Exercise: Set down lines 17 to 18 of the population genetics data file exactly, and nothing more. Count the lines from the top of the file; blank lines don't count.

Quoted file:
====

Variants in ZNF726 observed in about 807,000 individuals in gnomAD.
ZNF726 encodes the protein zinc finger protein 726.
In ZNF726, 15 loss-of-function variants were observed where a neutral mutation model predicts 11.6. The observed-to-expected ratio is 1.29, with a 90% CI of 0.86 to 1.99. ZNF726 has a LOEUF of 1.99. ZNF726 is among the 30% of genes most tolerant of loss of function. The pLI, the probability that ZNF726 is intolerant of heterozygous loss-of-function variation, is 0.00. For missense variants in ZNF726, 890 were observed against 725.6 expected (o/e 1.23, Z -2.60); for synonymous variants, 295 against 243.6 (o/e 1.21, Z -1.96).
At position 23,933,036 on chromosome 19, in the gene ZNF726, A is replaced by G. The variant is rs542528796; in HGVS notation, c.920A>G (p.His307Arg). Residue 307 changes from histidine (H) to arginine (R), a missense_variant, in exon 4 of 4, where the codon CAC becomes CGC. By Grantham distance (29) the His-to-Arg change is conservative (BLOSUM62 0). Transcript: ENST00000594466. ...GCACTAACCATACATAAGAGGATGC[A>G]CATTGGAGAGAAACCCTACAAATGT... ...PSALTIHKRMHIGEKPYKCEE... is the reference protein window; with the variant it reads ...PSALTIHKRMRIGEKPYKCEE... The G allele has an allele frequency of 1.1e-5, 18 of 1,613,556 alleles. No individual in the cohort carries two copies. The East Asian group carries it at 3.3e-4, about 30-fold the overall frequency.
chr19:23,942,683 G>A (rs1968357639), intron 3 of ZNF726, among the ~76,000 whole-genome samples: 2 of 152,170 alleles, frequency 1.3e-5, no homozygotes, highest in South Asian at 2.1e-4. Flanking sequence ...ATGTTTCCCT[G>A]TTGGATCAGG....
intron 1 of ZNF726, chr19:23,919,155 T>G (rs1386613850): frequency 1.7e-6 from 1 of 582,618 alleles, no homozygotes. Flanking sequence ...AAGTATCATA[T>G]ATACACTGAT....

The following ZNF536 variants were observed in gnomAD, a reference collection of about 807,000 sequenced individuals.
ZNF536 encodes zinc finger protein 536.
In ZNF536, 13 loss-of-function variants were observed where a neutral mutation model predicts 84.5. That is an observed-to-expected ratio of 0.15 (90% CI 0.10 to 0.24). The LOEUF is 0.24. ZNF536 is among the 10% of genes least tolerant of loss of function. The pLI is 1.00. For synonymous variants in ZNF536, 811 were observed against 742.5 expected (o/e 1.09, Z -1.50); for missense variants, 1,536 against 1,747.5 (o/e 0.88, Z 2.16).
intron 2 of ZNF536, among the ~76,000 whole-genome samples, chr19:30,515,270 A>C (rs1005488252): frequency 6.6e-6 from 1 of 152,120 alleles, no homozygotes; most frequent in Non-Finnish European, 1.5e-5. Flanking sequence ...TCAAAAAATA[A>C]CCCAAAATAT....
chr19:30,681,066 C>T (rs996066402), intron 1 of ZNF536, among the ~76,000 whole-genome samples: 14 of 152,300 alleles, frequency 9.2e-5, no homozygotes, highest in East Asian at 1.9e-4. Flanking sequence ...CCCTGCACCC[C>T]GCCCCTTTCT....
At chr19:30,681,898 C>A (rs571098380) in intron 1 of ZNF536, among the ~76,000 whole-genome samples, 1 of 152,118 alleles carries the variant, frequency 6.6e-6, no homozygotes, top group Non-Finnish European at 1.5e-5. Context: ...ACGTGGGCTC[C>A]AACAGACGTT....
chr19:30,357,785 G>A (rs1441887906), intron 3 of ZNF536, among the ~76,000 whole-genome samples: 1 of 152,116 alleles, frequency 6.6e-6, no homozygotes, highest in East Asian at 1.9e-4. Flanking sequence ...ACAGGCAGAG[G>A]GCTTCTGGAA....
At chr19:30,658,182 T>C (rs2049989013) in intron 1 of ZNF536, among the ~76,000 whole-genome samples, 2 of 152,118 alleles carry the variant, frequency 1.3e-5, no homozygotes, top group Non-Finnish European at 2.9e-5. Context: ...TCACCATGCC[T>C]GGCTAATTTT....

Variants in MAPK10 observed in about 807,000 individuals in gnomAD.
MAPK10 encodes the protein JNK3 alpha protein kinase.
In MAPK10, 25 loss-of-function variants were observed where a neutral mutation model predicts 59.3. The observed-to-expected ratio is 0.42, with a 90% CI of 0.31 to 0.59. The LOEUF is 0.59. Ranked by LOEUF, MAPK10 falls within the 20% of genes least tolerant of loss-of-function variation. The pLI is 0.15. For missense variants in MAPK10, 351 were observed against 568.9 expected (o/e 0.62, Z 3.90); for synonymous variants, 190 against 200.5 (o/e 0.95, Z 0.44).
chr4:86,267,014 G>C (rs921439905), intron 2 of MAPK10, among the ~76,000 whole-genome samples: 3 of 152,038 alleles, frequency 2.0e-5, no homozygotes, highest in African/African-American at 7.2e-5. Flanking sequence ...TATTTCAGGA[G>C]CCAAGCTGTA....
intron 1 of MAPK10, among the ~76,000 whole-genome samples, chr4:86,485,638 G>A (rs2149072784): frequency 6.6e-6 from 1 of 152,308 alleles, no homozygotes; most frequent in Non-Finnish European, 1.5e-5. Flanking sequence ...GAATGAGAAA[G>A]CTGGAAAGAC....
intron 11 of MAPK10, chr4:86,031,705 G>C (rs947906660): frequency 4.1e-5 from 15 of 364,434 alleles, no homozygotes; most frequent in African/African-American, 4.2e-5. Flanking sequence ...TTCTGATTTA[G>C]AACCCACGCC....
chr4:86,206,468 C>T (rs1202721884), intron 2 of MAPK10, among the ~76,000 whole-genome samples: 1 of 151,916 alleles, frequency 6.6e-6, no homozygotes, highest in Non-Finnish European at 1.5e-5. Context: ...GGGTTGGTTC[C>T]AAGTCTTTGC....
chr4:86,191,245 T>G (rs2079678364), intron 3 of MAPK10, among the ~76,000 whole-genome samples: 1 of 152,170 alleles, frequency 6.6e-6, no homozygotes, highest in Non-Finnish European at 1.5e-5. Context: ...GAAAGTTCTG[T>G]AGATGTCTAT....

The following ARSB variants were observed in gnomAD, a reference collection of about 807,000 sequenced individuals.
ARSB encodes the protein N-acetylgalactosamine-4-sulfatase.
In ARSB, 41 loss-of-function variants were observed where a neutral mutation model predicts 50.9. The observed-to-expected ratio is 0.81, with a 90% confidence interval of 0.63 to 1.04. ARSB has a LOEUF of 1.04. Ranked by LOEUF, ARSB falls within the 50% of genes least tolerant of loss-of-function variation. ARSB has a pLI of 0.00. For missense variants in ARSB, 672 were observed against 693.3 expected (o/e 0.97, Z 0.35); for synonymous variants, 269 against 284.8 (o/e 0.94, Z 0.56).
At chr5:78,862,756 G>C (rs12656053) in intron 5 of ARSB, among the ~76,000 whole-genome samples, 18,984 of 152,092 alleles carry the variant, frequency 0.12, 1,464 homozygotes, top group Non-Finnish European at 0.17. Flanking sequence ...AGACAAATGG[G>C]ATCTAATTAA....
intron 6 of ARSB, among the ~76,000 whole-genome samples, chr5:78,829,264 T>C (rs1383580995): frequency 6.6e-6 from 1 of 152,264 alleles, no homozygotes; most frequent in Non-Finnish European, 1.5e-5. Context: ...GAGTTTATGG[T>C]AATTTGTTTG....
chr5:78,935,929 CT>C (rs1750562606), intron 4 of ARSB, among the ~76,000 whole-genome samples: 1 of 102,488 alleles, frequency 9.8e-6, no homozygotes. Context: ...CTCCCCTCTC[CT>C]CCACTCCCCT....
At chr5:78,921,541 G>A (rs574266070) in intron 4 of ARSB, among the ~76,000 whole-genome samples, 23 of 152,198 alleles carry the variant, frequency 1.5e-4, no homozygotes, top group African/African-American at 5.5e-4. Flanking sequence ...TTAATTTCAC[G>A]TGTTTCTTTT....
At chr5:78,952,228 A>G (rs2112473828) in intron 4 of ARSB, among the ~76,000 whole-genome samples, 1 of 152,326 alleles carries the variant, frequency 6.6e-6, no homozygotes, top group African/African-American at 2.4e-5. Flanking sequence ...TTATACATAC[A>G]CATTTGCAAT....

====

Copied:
In MAPK10, 25 loss-of-function variants were observed where a neutral mutation model predicts 59.3. The observed-to-expected ratio is 0.42, with a 90% CI of 0.31 to 0.59. The LOEUF is 0.59. Ranked by LOEUF, MAPK10 falls within the 20% of genes least tolerant of loss-of-function variation. The pLI is 0.15. For missense variants in MAPK10, 351 were observed against 568.9 expected (o/e 0.62, Z 3.90); for synonymous variants, 190 against 200.5 (o/e 0.95, Z 0.44).
chr4:86,267,014 G>C (rs921439905), intron 2 of MAPK10, among the ~76,000 whole-genome samples: 3 of 152,038 alleles, frequency 2.0e-5, no homozygotes, highest in African/African-American at 7.2e-5. Flanking sequence ...TATTTCAGGA[G>C]CCAAGCTGTA....